Case Reports  |   January 2004
Transient Cardiovascular Toxicity with Unintentional Intravascular Injection of 3% 2-Chloroprocaine in a 2-month-old Infant
Author Affiliations & Notes
  • Franklyn P. Cladis, M.D.
  • Ronald S. Litman, D.O.
  • * Assistant Professor of Anesthesiology and Pediatrics, Department of Anesthesiology, University of Rochester. Current position: Assistant Professor of Anesthesiology, The Children’s Hospital of Pittsburgh, Pittsburgh, Pennsylvania. † Associate Professor of Anesthesiology, Department of Anesthesiology, The Children’s Hospital of Philadelphia, Philadelphia, Pennsylvania.
  • Received from the Department of Anesthesiology, University of Rochester, Rochester, New York.
Article Information
Case Reports
Case Reports   |   January 2004
Transient Cardiovascular Toxicity with Unintentional Intravascular Injection of 3% 2-Chloroprocaine in a 2-month-old Infant
Anesthesiology 1 2004, Vol.100, 181-183. doi:
Anesthesiology 1 2004, Vol.100, 181-183. doi:
THE caudal approach to epidural anesthesia is a safe and effective analgesic technique for neonates and infants. However, amide local anesthetics may cause serious cardiovascular complications such as arrhythmias and life-threatening depression of myocardial contractility. 1–3 We describe transient cardiovascular toxicity in a 2-month-old infant after unintentional intravascular injection of 3% 2-chloroprocaine through an epidural catheter. To our knowledge, this is the first report of cardiovascular toxicity after accidental intravenous injection of an ester local anesthetic.
Case Report
A 4-kg 2-month-old girl with biliary atresia presented for a liver biopsy and Kasai procedure. Continuous epidural analgesia via  the caudal approach was planned to supplement intraoperative anesthesia and provide postoperative pain relief. After induction of general anesthesia and tracheal intubation, an 18-gauge angiocatheter inserted into the epidural space via  the sacrococcygeal ligament was used to facilitate insertion of an epidural catheter equipped with a stylette (Portex, Keene, NH) to a presumed T7 level. Aspiration of the catheter was performed and failed to produce cerebrospinal fluid or blood. Test dosing was not performed. Four milliliters of 3% 2-chloroprocaine without epinephrine was administered over ≈ 30 s. Immediately thereafter, the patient developed a wide complex bradycardia without evidence of atrial activity at a heart rate of 30 beats/min. While preparations were being made to begin chest compressions and administer atropine, the event terminated spontaneously. The duration of the event was ≈ 30 s. Oxyhemoglobin desaturation and loss of the capnogram did not occur, but hypotension cannot be excluded because the noninvasive blood pressure cuff did not cycle. However, the first blood pressure reading determined immediately after the event was 70/36 mmHg. Because the event appeared to be self-limiting, a decision was made to proceed with the surgical procedure. The catheter was left in place for the duration of the surgery but was not used. Aspiration of the catheter was again negative. Fentanyl was given intravenously for intraoperative analgesia. After the surgical procedure, fluoroscopy with concomitant injection of 0.5 ml metrizamide (Omnipaque 180; Amersham Health, Princeton, NJ) through the epidural catheter revealed an apparent venogram of the epidural vessels (fig. 1). Aspiration of the catheter at this time was positive for blood, and the catheter was then removed. Postoperatively, the infant was well without evidence of neurologic or cardiovascular sequelae.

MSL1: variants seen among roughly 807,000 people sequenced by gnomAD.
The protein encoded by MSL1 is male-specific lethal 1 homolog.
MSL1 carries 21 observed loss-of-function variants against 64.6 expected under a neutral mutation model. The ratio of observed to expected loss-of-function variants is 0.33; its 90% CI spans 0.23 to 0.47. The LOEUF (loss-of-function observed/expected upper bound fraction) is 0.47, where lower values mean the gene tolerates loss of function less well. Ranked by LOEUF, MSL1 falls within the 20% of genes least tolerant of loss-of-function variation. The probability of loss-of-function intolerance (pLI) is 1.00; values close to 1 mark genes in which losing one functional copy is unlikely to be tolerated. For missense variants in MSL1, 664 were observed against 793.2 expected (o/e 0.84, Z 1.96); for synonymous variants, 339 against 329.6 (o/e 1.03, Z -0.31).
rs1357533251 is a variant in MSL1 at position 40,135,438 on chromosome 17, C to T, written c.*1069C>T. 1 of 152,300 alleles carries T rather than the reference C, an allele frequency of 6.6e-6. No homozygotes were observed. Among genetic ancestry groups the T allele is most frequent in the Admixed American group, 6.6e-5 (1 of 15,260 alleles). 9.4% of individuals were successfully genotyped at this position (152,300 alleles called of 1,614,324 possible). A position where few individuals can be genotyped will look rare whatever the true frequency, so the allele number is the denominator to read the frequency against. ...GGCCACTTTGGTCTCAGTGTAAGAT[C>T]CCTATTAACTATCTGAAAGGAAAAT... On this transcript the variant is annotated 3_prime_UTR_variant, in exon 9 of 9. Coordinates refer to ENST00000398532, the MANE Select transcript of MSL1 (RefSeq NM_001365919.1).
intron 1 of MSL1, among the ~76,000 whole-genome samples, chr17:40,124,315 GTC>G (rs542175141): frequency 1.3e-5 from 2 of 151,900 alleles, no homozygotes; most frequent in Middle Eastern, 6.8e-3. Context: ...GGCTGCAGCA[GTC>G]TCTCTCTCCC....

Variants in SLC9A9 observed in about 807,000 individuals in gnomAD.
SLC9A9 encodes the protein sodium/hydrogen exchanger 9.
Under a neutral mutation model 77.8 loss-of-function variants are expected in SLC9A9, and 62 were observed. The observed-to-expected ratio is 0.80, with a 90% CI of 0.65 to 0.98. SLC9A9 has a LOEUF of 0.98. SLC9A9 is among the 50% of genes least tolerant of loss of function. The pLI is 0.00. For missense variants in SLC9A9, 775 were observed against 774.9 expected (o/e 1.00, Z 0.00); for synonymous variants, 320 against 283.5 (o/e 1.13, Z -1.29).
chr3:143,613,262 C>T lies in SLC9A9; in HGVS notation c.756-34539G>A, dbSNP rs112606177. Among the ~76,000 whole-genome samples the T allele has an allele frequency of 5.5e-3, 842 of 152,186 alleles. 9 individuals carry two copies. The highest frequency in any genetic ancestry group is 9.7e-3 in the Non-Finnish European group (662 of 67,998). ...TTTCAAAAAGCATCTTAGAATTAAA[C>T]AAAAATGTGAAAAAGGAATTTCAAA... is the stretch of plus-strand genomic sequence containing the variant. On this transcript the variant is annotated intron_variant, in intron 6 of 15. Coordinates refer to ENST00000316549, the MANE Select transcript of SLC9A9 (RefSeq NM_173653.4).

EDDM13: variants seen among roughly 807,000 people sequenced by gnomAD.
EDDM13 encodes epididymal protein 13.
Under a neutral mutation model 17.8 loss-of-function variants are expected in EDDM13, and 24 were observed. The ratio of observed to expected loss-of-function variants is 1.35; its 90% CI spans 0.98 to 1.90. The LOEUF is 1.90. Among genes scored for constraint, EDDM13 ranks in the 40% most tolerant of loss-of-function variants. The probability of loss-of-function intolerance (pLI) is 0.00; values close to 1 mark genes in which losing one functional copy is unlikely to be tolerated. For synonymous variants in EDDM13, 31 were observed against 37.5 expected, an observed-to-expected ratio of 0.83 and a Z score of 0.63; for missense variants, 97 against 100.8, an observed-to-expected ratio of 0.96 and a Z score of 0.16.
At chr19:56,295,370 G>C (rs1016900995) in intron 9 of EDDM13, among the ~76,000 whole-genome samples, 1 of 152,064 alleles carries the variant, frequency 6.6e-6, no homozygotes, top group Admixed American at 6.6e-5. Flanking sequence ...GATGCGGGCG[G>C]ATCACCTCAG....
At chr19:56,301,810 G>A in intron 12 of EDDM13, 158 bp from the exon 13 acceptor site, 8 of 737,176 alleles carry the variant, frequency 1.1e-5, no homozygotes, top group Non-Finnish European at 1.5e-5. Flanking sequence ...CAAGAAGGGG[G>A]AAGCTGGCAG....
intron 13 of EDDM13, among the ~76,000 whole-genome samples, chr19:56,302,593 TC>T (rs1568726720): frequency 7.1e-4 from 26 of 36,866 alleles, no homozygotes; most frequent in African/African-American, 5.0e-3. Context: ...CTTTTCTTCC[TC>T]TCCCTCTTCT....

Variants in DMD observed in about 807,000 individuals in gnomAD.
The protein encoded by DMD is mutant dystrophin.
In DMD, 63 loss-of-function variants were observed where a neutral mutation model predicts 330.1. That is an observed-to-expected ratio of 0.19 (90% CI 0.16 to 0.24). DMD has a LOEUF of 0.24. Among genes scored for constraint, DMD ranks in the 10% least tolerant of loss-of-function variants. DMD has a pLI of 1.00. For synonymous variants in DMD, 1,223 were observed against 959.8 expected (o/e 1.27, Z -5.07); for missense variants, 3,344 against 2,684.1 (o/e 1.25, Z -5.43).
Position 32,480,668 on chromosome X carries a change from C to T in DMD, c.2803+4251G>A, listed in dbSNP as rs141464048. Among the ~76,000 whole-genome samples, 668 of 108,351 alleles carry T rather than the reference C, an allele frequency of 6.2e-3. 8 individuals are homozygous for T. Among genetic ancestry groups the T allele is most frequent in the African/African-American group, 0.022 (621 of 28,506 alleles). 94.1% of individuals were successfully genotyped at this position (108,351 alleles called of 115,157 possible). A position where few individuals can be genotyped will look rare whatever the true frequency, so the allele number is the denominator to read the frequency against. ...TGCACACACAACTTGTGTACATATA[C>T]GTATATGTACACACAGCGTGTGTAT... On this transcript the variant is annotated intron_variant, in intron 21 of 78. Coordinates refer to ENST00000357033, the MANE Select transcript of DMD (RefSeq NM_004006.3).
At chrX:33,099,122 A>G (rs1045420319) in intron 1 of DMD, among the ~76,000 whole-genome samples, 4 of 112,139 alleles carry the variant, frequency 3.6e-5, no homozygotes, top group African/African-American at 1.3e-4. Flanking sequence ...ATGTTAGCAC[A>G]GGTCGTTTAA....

Fig. 1. Venogram of epidural vessels obtained with fluoroscopy.
Fig. 1. Venogram of epidural vessels obtained with fluoroscopy.
Fig. 1. Venogram of epidural vessels obtained with fluoroscopy.